Her ass had been hanging out in open court.

Her ass had been hanging out in open court.

Clomping along the sidewalk unevenly in her broken heel, stomping past innocent pedestrians who were having a lovely, normal day, people who presumably had not had their asses hanging out in open court, Payton grumbled out loud to herself about the worst part of it all.

“I just had to wear a thong today, didn’t I?” she hissed angrily. She could’ve smacked herself in the head for that decision.

The Shithead was suddenly at her side. He grinned. “Well, point of fact, I think that women should wear thongs every d . . .” he trailed off, seeing her look. “But I can see you’re not in a place to discuss that right now.”

Payton couldn’t take it a moment longer. She advanced on J.D. “Oh, you think this is funny? Please—allow me to disabuse you of that notion.”

“Payton—”

“Don’t. Don’t ‘Payton’ me, don’t waste your breath with excuses or explanations—I don’t care.”

She stared J.D. right in the eyes. “If this is how you want to play the game, Jameson, that’s fine with me. The gloves are now off. I am about to become the bitch you’ve always thought I was.”

Payton saw that her comment took J.D. aback, that it wiped his grin—which she interpreted as a smirk—right off his face. And she saw something momentarily flash in his eyes, maybe it was anger, maybe it was something else—right now she didn’t care either way. Right now, as she stood on that sidewalk, facing J.D. in her torn skirt and broken heel and her naked butt barely covered by the jacket tied around her waist, all she cared about was at least having the dignity of getting in the last word.

So, seeing that she had momentarily silenced him, Payton took advantage of the opportunity and turned and walked away.

Thirteen

“IT COULDN’T HAVE been that bad.”

Curled up on her couch, Payton gave Chase a look over the carton of pad thai she held. She swallowed, then gestured with her chopsticks for emphasis.

“Oh, no, trust me, it was that bad.”

Chase had called her earlier, while she was still at the office. Although the rest of her day in court had thankfully passed by uneventfully—after the break she had even managed to get back on track with her cross-examination of the plaintiff—Payton still had been so embarrassed that she told Chase only, in what had to be the understatement of the year, that she’d had “kind of a bad day in court.”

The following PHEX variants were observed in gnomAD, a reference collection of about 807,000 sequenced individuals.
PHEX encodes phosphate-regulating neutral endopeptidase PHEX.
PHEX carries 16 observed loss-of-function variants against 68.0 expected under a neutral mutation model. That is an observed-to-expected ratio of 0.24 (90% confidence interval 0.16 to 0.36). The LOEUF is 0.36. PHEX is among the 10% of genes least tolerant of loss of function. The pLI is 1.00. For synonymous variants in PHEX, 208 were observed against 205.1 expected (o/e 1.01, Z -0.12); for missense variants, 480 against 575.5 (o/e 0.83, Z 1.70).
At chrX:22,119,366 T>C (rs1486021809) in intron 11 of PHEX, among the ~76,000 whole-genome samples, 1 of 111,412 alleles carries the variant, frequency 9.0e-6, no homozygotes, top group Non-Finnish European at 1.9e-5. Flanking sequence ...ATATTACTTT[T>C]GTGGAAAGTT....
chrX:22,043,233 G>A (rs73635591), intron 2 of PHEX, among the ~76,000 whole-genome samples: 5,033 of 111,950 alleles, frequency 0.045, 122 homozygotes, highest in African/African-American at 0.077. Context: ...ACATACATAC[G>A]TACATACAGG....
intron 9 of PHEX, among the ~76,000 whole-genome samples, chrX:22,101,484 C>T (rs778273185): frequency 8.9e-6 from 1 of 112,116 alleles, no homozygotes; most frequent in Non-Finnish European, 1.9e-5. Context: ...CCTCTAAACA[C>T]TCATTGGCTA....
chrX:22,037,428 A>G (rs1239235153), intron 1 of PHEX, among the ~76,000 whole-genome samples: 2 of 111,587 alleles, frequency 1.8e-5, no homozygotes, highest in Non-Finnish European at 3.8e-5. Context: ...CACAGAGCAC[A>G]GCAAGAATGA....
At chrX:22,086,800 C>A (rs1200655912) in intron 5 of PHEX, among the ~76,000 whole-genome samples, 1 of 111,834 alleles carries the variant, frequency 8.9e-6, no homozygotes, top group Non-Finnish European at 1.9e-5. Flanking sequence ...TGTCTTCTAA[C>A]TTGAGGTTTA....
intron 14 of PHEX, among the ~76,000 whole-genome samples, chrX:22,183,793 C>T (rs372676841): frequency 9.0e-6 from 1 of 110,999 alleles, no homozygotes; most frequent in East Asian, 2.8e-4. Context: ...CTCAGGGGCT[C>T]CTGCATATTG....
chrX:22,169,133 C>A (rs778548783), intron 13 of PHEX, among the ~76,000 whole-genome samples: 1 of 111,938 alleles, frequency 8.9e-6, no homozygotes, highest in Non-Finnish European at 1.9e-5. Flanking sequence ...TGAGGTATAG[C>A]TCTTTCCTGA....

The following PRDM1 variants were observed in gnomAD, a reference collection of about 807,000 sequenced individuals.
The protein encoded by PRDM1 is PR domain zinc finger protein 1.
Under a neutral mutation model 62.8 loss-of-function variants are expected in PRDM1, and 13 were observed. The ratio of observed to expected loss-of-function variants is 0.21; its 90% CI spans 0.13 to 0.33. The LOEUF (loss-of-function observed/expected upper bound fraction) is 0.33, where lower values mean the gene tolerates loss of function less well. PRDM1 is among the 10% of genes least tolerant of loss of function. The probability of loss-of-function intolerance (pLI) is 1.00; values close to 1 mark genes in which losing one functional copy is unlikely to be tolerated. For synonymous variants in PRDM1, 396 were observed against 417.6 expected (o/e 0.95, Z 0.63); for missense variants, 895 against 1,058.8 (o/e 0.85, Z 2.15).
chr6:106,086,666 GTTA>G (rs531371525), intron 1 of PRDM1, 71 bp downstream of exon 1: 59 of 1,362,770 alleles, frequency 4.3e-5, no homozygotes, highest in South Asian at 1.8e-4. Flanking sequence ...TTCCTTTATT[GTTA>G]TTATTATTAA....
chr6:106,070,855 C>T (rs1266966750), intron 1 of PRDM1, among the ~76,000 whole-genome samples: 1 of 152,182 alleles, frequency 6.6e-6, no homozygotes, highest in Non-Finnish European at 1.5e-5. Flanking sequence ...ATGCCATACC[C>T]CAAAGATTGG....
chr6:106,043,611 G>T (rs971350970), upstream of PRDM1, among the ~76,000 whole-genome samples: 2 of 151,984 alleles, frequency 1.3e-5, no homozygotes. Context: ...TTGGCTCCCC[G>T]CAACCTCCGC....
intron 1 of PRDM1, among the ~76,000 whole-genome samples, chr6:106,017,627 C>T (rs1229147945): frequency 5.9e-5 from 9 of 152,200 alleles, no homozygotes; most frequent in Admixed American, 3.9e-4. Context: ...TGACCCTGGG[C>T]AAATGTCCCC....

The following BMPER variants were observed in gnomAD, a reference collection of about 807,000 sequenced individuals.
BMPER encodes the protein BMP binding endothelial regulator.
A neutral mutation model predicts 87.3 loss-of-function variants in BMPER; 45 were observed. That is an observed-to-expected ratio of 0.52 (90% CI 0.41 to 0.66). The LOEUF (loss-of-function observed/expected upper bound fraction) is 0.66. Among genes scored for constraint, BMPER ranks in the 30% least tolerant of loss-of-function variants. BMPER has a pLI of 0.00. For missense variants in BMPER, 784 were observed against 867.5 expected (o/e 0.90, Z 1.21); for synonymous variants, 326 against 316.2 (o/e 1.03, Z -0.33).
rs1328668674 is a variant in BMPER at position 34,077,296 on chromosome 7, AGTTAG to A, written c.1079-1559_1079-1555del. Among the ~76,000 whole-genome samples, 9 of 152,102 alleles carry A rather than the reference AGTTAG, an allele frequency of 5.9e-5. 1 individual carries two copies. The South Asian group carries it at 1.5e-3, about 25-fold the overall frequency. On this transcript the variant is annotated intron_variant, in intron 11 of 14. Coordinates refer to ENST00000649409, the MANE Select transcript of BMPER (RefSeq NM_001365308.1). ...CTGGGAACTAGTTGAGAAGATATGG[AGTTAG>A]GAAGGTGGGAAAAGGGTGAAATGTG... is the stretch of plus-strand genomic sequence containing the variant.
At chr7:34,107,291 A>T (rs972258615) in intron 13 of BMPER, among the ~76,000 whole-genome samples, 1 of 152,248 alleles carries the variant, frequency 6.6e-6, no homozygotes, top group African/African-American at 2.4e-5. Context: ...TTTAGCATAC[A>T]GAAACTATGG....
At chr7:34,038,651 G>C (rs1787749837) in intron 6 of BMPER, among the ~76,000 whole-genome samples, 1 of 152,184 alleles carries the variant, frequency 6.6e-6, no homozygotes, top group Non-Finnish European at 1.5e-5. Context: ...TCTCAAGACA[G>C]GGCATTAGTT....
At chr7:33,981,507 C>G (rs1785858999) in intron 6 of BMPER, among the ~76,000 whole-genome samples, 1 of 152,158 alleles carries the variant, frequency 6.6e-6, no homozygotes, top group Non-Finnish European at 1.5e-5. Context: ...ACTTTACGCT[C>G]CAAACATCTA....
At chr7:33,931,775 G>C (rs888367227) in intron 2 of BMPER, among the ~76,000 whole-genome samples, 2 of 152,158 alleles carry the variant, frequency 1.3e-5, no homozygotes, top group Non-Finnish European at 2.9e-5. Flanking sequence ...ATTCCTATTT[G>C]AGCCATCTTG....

An hour later, Chase had surprised her at home with a bag of Asian takeout. To cheer her up, he said. Not sure which one she preferred, he’d brought both tofu pad thai and vegetable fried rice. Touched by the gesture, Payton figured she could at least give him the condensed version of what had happened that morning. She appreciated it when he politely covered his laugh as a cough and blamed the spiciness of the food.

“But you recovered well—that’s what the jury will remember,” Chase told her. Stretched out comfortably on the couch across from her, he set his carton down on the coffee table and leaned in.

“I’m actually kind of sad I wasn’t there—I think I would’ve liked the view,” he said with a boyish grin. Then he leaned over and kissed her.

As Payton had described to Laney the other day, she found being with Chase to be . . . calming. It was a nice change of pace for her—certain situations at work, and certain unnamed someones in particular, had a tendency to get her worked up. But with Chase, there was no fuss. At a time when things in Payton’s life seemed uncertain and more than a bit out of control, being with Chase was easy. He was easy.

Not that way.

She didn’t know that.

Yet.

After they kissed for a moment or two, Chase pulled back and gave Payton a serious look. “There’s something I’ve been meaning to talk to you about. I think maybe it’s time we take our relationship to the next level.”

Payton raised an eyebrow. Oh, really? “The next level being . . . ?”

“A weekend date.”

“Ah, a weekend date.” Payton shook her head teasingly. “I don’t know, that’s a big step. Did you have any particular weekend in mind?”

“Actually, I was thinking about this one,” Chase said.

“Wow. I don’t know. This weekend, let me see . . .” Payton pretended to mull this over. “There’s some laundry I’ve been meaning to get to, but I suppose if I rearrange my schedule . . .”

With a wink, she smiled. “Okay.”

Chase pretended to sigh with relief. “To think I nearly lost out to laundry. My ego never would’ve recovered.”

“Hey, this isn’t everyday laundry we’re talking about,” Payton said. “I was going to do sheets. Maybe even a towel or two. If that’s not your idea of a Friday night party, I don’t know what is.”

Chase laughed. “Well, now that I know that I rank above sheets, I feel so much better.”

Payton smiled, then fell more serious as she studied him. There was something she felt she needed to say.

“You do know that it’s just all this stuff I have going on at work, right? I’m really busy with this trial, and they’re going to name the new partners at the end of the month.” She had told Chase earlier that there was stiff competition in her bid to make partner, although she hadn’t gone into specifics.

Chase nodded and took Payton’s hand, lacing his fingers through hers.


Tags: Julie James Romance
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